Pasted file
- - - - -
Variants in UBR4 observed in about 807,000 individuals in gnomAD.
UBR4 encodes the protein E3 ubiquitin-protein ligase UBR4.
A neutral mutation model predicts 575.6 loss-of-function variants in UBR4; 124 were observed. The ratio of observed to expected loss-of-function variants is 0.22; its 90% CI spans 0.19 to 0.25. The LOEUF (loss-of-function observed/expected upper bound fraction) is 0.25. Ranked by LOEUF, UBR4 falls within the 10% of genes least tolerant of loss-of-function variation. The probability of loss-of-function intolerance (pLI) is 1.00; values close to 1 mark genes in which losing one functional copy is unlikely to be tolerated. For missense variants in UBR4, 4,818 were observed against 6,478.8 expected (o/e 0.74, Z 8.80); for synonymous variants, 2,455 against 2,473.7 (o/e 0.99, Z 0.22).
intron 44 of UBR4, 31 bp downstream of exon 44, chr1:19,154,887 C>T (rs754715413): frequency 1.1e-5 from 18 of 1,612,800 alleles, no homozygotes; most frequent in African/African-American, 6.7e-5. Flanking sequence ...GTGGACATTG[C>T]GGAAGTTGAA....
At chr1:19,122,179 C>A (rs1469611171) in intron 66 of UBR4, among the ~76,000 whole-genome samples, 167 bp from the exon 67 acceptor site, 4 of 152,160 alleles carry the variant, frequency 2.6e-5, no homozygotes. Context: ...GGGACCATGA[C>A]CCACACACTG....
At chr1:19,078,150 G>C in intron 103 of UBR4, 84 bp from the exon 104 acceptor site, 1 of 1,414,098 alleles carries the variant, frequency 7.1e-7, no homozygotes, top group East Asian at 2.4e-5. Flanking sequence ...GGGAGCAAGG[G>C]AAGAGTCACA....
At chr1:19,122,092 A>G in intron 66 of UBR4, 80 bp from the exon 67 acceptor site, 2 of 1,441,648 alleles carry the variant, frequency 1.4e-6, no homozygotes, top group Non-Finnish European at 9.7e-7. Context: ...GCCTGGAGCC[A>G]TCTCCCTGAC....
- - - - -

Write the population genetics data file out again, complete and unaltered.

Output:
Variants in UBR4 observed in about 807,000 individuals in gnomAD.
UBR4 encodes the protein E3 ubiquitin-protein ligase UBR4.
A neutral mutation model predicts 575.6 loss-of-function variants in UBR4; 124 were observed. The ratio of observed to expected loss-of-function variants is 0.22; its 90% CI spans 0.19 to 0.25. The LOEUF (loss-of-function observed/expected upper bound fraction) is 0.25. Ranked by LOEUF, UBR4 falls within the 10% of genes least tolerant of loss-of-function variation. The probability of loss-of-function intolerance (pLI) is 1.00; values close to 1 mark genes in which losing one functional copy is unlikely to be tolerated. For missense variants in UBR4, 4,818 were observed against 6,478.8 expected (o/e 0.74, Z 8.80); for synonymous variants, 2,455 against 2,473.7 (o/e 0.99, Z 0.22).
intron 44 of UBR4, 31 bp downstream of exon 44, chr1:19,154,887 C>T (rs754715413): frequency 1.1e-5 from 18 of 1,612,800 alleles, no homozygotes; most frequent in African/African-American, 6.7e-5. Flanking sequence ...GTGGACATTG[C>T]GGAAGTTGAA....
At chr1:19,122,179 C>A (rs1469611171) in intron 66 of UBR4, among the ~76,000 whole-genome samples, 167 bp from the exon 67 acceptor site, 4 of 152,160 alleles carry the variant, frequency 2.6e-5, no homozygotes. Context: ...GGGACCATGA[C>A]CCACACACTG....
At chr1:19,078,150 G>C in intron 103 of UBR4, 84 bp from the exon 104 acceptor site, 1 of 1,414,098 alleles carries the variant, frequency 7.1e-7, no homozygotes, top group East Asian at 2.4e-5. Flanking sequence ...GGGAGCAAGG[G>C]AAGAGTCACA....
At chr1:19,122,092 A>G in intron 66 of UBR4, 80 bp from the exon 67 acceptor site, 2 of 1,441,648 alleles carry the variant, frequency 1.4e-6, no homozygotes, top group Non-Finnish European at 9.7e-7. Context: ...GCCTGGAGCC[A>G]TCTCCCTGAC....